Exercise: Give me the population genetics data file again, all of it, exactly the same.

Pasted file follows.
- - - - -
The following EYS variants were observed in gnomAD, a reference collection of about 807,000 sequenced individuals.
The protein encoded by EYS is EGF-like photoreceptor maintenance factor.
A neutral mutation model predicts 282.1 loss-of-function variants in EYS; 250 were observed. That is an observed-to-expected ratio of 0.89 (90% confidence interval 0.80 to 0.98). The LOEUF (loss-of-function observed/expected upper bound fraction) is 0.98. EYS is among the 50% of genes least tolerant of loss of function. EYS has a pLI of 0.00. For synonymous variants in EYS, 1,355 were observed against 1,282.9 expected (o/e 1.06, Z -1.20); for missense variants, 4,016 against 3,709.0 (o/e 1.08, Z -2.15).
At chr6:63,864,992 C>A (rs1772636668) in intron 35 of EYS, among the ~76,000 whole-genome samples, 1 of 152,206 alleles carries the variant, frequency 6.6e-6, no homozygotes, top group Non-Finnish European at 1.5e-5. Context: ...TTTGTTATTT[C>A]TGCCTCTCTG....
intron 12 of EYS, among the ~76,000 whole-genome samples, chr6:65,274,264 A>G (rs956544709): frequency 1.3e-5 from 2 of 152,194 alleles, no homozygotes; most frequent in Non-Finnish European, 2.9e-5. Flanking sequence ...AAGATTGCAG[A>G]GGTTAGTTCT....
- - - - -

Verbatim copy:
The following EYS variants were observed in gnomAD, a reference collection of about 807,000 sequenced individuals.
The protein encoded by EYS is EGF-like photoreceptor maintenance factor.
A neutral mutation model predicts 282.1 loss-of-function variants in EYS; 250 were observed. That is an observed-to-expected ratio of 0.89 (90% confidence interval 0.80 to 0.98). The LOEUF (loss-of-function observed/expected upper bound fraction) is 0.98. EYS is among the 50% of genes least tolerant of loss of function. EYS has a pLI of 0.00. For synonymous variants in EYS, 1,355 were observed against 1,282.9 expected (o/e 1.06, Z -1.20); for missense variants, 4,016 against 3,709.0 (o/e 1.08, Z -2.15).
At chr6:63,864,992 C>A (rs1772636668) in intron 35 of EYS, among the ~76,000 whole-genome samples, 1 of 152,206 alleles carries the variant, frequency 6.6e-6, no homozygotes, top group Non-Finnish European at 1.5e-5. Context: ...TTTGTTATTT[C>A]TGCCTCTCTG....
intron 12 of EYS, among the ~76,000 whole-genome samples, chr6:65,274,264 A>G (rs956544709): frequency 1.3e-5 from 2 of 152,194 alleles, no homozygotes; most frequent in Non-Finnish European, 2.9e-5. Flanking sequence ...AAGATTGCAG[A>G]GGTTAGTTCT....